- John's apparent chronology shows Jesus being crucified on the 14th Nisan right at the time the Passover lambs would have been sacrificed, somewhere in-between 3:00 PM and 'twilight' (6:00 PM). This means the Passover meal would have occurred on a Shabbat, which contradicts what Matthew, Mark, and Luke record: they state that Shabbat was the day after Jesus was crucified. One somewhat feasible resolution to this paradox is that because Jesus was quite possibly an Essene, He may have celebrated an early Seder with His disciples, thus following an Essene tradition which took place only when Passover was also on a Shabbat. However, there are a few problems with this theory:
- Jesus did not follow all Essene practices; furthermore, there is no indication in the Synoptic texts that this is an early Seder or a reason why Jesus did what He did (i.e. a mention that Jesus did this because of the encroaching Sabbath, etc.) Therefore, while an early Seder is possible, the likelihood is slim.
- Mark and Luke specifically say that Jesus' preparations for the meal with His disciples was the time when the Passover lambs would be slaughtered. All three Synoptic Gospels declare this was the first day of Unleavened Bread, which is when Passover occurs. So if John's gospel is taken as the literal standard, it must contradict three other witnesses who say otherwise.
- If Thursday night was an early Seder, then Jesus rode into Jerusalem on the 9th Nisan, not the 10th, thus invalidating this prophecy.
- The other possibility (which is the one I accept) is that Matthew, Mark, and Luke correctly depict that Jesus and His disciples celebrated the Passover meal at the appropriate time. Because sundown on Friday was the beginning of the Shabbat falling during the feast of Unleavened Bread, this was a special Shabbat of which the chief priests and elders wanted to partake their priestly portions (John calls this a 'high Shabbat'). Since Unleavened Bread and Passover are so intertwined, they are often referred to as a singular event; John is doing this in his story--he uses "pascha" in the Greek to denote all days of Unleavened Bread, not just the specific day of the original Passover meal.
The Synoptic Gospels (Matthew, Mark, and Luke) show that Jesus and His disciples prepared the Passover as the lambs were being slaughtered on the 14th Nisan. What must be understood is that the Jewish day begins with the evening first, when three stars are first visible in the sky. So the lambs are sacrificed on the 14th Nisan, and then the Passover is eaten later that night, when the date has changed to the 15th Nisan. At the time when the lambs were slaughtered, Judas visited the chief priests and elders to betray Jesus; so it could be said that Jesus' death was already underway. Is this a stretch of logic? It is the only way that Jesus could both celebrate the Passover with His disciples and be the Passover Lamb at the same time, as He proclaimed Himself to be. How does this work? Later that evening when the new day had begun, Jesus was celebrating the Passover with His disciples. He 'eagerly desired' to share the Passover with them because He was showing them the symbolism of the Passover as it related to the New Covenant He was instituting in Himself.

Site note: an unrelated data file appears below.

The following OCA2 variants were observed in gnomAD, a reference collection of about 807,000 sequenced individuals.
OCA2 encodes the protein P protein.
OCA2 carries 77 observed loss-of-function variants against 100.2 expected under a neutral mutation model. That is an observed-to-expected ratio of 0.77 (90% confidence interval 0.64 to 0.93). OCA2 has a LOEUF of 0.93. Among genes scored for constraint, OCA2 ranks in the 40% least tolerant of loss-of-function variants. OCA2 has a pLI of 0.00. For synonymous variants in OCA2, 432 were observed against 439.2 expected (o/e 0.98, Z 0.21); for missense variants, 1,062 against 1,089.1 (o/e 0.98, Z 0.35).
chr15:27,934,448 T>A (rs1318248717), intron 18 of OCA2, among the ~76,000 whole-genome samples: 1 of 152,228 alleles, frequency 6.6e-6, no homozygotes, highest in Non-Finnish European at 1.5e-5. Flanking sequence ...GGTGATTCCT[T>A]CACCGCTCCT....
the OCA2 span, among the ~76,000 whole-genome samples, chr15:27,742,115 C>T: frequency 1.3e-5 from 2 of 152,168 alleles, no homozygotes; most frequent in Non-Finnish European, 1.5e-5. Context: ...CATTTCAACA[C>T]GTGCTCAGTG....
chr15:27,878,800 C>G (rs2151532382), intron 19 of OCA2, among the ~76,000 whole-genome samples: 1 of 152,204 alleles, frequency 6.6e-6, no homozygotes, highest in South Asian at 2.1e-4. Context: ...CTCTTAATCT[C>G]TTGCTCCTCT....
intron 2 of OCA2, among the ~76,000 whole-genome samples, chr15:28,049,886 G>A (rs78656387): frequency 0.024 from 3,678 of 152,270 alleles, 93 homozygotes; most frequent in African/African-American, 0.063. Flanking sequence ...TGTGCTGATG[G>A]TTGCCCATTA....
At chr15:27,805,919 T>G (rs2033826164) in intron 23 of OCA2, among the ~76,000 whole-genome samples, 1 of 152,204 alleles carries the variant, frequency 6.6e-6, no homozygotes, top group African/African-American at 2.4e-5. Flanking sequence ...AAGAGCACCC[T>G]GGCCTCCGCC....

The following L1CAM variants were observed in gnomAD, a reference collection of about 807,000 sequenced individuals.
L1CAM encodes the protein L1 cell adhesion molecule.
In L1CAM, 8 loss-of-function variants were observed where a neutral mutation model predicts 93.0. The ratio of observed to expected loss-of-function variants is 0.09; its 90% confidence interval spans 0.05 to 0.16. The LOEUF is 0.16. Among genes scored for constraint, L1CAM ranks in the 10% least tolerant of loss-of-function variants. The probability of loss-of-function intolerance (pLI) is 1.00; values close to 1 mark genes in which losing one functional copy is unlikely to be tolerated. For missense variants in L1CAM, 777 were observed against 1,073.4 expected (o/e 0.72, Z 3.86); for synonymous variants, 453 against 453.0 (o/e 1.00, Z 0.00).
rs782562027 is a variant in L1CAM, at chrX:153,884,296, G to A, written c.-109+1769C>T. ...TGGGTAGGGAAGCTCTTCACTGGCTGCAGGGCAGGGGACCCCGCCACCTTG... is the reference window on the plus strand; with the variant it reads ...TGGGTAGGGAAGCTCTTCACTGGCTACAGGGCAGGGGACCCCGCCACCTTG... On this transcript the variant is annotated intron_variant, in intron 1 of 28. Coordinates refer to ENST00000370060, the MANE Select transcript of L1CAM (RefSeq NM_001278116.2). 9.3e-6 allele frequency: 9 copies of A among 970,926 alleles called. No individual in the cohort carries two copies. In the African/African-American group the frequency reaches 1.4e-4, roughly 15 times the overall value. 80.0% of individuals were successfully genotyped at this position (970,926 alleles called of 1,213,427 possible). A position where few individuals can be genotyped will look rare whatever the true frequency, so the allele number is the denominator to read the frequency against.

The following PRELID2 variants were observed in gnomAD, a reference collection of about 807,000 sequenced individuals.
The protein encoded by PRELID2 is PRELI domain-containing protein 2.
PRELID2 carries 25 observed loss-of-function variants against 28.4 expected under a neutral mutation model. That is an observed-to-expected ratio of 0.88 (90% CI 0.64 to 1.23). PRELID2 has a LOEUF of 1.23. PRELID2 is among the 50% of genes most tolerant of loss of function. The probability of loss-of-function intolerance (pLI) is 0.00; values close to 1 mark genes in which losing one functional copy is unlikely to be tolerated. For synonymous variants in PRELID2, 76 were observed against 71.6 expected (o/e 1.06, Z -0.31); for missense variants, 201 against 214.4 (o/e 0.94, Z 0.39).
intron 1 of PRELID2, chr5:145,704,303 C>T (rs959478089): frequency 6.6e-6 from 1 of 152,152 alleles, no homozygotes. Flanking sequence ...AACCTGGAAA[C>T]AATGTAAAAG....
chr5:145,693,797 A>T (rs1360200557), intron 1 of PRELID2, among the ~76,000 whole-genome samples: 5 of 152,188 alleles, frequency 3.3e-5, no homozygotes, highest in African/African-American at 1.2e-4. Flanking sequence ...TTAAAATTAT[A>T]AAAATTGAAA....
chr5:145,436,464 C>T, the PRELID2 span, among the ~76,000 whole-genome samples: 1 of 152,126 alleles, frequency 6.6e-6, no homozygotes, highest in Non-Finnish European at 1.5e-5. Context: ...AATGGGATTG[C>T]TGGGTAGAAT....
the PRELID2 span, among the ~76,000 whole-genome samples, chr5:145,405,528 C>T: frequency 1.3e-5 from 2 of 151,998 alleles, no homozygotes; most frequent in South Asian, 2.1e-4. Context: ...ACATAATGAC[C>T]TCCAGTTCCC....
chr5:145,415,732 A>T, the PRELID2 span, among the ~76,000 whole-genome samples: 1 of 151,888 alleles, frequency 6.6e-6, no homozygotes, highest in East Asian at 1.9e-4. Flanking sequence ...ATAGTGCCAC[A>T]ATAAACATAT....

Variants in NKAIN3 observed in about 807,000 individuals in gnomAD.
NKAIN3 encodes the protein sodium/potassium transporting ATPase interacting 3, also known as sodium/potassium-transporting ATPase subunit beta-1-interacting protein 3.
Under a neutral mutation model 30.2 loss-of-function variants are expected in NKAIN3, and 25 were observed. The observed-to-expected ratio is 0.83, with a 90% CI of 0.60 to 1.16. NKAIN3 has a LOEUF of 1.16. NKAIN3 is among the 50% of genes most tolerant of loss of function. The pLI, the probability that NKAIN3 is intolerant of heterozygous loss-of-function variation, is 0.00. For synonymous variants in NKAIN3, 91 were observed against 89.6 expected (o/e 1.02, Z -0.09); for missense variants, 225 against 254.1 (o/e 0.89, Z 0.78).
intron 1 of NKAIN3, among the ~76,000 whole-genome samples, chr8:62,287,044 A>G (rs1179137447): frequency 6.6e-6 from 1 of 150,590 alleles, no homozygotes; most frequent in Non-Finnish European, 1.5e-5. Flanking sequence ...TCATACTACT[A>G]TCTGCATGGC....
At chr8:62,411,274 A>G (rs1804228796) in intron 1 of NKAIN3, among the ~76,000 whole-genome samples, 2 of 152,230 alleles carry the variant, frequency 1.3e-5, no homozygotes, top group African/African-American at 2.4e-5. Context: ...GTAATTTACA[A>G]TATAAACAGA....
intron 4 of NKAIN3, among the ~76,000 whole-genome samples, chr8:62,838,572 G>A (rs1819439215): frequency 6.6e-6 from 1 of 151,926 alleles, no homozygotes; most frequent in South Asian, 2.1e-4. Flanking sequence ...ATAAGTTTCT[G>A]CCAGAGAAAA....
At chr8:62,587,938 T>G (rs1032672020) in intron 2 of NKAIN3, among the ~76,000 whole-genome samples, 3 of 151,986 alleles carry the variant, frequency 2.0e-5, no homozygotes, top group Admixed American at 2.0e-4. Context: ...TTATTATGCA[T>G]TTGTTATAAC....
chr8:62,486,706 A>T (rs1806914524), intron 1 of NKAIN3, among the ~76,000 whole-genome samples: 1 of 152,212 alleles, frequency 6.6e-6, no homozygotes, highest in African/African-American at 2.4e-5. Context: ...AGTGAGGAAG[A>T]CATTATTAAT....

Through the night, Jesus suffered; he agonized in the Garden of Gethsemane, he was arrested, beaten, and tried before the Sanhedrin. The next morning he was tried by both Pilate and Herod, was beaten some more including having a crown of thorns smashed into His head and His body shredded by a cat-of-nine-tails, and was finally crucified at 3:00 in the afternoon outside the city at Golgotha, the Place of the Skull. He died three hours before the official end of the day of Passover. Why is this significant? It seems to be after the event when the lambs were to be slain, so wouldn't this be too late to fulfill the prophecy?... The command in Exodus stated that if any of the Passover Lamb remained until morning, it was to be burned. Throughout the First Covenant, one finds that whenever a sacrifice is burned, it must be done outside the camp, away from the presence of God and the people. The book of Hebrews addresses this for us in Hebrews 13:11-12:
11 The high priest carries the blood of animals into the Most Holy Place as a sin offering, but the bodies are burned outside the camp. 12 And so Jesus also suffered outside the city gate to make the people holy through his own blood.